(Reuters) - Insurer American International Group Inc AIG.N on Thursday raised its quarterly dividend by 25 percent and reported it swung to a profit in the fourth quarter, compared with a year-earlier loss, sending its shares up in after-market trading.
AIG raised its quarterly dividend to 12.5 cents per share from 10 cents and authorized a share buyback of up to another $1 billion.
The company, which was nearly wiped out by its derivative bets during the financial crisis, resumed paying dividends last year after it repaid the $180 billion taxpayer bailout it received in 2008.
AIG Chief Executive Robert Benmosche, commenting on a charge taken in the fourth quarter, said in a company memo on Thursday that the company expects to reduce its global workforce by about 3 percent. Reuters obtained a copy of the memo.
“With results today, we announced a $265 million severance charge taken at the end of 2013, which we expect will reduce AIG’s global workforce by approximately 3 percent,” he wrote.
AIG shares rose 1.7 percent to $50.42 percent in extended trading.
Benmosche said also said in the memo that while AIG has “positioned ourselves for continued growth and profitability,” there is a need for more change, including “a culture where there is a clearer understanding of roles” and ensuring swift decision-making by the most qualified people.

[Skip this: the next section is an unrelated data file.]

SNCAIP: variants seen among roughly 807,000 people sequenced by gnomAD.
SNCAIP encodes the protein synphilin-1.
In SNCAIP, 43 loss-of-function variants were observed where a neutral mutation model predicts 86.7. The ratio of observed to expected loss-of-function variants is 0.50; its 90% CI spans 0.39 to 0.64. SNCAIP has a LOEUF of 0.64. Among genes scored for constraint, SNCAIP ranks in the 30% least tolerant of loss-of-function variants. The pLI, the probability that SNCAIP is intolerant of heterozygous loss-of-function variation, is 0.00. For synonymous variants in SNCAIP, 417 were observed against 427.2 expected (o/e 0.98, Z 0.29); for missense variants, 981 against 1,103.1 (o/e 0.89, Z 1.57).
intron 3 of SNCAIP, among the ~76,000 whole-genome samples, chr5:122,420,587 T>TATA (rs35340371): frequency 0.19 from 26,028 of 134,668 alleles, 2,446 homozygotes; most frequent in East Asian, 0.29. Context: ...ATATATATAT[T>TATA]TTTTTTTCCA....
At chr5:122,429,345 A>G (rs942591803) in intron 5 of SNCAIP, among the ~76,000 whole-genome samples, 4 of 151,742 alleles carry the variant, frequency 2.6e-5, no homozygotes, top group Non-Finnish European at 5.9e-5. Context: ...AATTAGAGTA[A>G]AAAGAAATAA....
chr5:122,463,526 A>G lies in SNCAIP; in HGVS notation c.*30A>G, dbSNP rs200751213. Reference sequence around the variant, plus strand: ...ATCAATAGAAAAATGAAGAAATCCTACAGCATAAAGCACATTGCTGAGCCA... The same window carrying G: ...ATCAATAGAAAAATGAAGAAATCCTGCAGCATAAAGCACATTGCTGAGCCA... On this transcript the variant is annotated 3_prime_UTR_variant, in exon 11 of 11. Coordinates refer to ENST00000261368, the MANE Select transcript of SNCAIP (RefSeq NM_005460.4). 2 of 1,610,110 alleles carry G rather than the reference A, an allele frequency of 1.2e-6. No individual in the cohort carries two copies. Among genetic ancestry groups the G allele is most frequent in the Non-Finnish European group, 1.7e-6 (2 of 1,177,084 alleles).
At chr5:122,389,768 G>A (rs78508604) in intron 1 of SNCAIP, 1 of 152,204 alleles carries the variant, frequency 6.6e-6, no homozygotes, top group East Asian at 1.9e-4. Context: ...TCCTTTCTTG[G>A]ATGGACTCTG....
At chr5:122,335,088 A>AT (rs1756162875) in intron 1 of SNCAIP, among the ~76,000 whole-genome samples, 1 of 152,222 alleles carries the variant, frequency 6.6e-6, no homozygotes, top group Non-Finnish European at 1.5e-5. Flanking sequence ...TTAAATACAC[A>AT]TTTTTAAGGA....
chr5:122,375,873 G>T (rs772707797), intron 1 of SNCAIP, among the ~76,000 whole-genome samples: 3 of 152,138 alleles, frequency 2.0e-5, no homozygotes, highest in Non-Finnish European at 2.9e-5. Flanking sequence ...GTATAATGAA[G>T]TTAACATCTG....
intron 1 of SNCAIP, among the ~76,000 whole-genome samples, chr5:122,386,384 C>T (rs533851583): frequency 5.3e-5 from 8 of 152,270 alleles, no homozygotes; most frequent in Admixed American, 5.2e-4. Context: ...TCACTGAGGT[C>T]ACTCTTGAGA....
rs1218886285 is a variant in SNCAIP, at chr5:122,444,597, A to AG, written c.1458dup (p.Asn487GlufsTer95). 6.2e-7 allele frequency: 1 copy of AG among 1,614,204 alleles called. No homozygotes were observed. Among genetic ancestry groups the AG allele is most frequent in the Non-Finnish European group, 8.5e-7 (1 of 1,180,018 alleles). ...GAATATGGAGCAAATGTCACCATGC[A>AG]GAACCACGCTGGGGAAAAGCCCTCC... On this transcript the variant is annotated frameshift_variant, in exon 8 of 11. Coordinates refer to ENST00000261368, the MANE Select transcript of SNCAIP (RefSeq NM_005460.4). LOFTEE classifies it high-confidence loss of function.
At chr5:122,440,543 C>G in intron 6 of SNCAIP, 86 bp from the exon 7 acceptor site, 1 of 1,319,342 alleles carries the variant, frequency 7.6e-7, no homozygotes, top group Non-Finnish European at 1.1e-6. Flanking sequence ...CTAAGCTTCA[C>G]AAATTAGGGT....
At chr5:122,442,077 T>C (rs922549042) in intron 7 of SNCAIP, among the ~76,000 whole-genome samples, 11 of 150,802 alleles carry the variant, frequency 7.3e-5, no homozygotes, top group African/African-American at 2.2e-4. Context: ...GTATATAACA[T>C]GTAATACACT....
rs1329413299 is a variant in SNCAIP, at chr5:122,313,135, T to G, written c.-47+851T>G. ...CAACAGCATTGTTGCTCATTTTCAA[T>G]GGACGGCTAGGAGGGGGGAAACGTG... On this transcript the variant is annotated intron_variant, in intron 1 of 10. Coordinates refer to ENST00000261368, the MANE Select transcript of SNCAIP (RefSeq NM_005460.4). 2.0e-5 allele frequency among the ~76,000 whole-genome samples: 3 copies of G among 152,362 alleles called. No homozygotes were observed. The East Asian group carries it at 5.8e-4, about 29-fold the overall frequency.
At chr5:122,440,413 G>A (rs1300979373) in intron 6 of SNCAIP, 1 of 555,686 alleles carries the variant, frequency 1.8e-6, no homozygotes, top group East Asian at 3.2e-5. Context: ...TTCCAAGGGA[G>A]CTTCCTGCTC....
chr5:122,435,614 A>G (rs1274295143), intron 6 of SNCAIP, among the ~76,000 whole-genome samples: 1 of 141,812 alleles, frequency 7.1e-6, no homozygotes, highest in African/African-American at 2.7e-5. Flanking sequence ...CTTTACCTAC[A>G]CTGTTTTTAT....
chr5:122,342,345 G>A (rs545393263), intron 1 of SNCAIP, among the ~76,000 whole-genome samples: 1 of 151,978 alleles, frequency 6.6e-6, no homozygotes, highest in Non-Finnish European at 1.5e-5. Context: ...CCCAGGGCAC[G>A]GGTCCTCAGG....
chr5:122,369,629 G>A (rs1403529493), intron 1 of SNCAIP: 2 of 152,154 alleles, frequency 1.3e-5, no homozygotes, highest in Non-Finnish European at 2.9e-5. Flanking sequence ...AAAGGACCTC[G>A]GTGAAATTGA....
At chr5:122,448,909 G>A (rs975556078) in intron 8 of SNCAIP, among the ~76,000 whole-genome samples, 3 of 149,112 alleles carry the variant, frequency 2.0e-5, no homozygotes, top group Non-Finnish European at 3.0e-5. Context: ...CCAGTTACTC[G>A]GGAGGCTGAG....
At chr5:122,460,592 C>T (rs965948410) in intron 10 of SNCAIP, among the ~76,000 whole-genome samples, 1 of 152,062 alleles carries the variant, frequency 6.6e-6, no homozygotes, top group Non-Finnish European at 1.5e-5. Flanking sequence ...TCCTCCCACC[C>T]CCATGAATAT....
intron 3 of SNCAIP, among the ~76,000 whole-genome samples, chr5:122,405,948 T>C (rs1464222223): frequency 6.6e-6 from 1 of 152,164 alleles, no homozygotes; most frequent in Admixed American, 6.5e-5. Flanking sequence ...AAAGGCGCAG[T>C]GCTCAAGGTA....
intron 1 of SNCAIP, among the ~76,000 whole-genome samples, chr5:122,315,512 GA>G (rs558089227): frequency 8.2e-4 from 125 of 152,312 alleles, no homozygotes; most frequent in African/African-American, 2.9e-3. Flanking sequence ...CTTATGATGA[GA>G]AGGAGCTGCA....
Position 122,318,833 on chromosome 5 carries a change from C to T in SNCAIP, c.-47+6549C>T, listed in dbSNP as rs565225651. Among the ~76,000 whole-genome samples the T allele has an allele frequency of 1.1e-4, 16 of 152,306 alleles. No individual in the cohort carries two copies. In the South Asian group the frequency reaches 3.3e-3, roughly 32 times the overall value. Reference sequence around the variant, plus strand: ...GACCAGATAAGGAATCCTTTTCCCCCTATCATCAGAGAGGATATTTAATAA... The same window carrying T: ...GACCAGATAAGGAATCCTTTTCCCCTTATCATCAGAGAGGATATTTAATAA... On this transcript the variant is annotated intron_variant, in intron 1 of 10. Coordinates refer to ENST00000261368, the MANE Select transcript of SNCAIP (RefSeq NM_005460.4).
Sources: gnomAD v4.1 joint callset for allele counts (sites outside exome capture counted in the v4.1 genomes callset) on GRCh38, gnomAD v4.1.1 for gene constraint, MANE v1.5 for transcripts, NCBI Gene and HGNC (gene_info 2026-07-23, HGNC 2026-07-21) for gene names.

“To accomplish this, in many parts of the organization, we will need to make some changes,” he said.
“We know that this will mean some changes in roles and in reporting structure, and that some roles will have to be eliminated.”
For the fourth quarter, AIG reported net income of $1.98 billion, or $1.34 per share, compared with a loss of $3.96 billion, or $2.68 per share, a year earlier.
The company said the pre-tax severance charge of $265 million in the fourth quarter primarily related to AIG Property Casualty as part of efforts to lower expenses.
The year-earlier quarter included a net loss of $4.4 billion related to the sale of AIG’s aircraft leasing business and after-tax catastrophe losses of $1.3 billion from superstorm Sandy.
On an operating basis, the company earned $1.70 billion, or $1.15 per share.
Analysts on average had expected earnings of 96 cents per share, according to Thomson Reuters I/B/E/S. It was not immediately clear if the reported figure was comparable.
The company’s shares closed at $49.59 in regular trade on Thursday.
Reporting by Aman Shah in Bangalore and Luciana Lopez in New York; Editing by Leslie Adler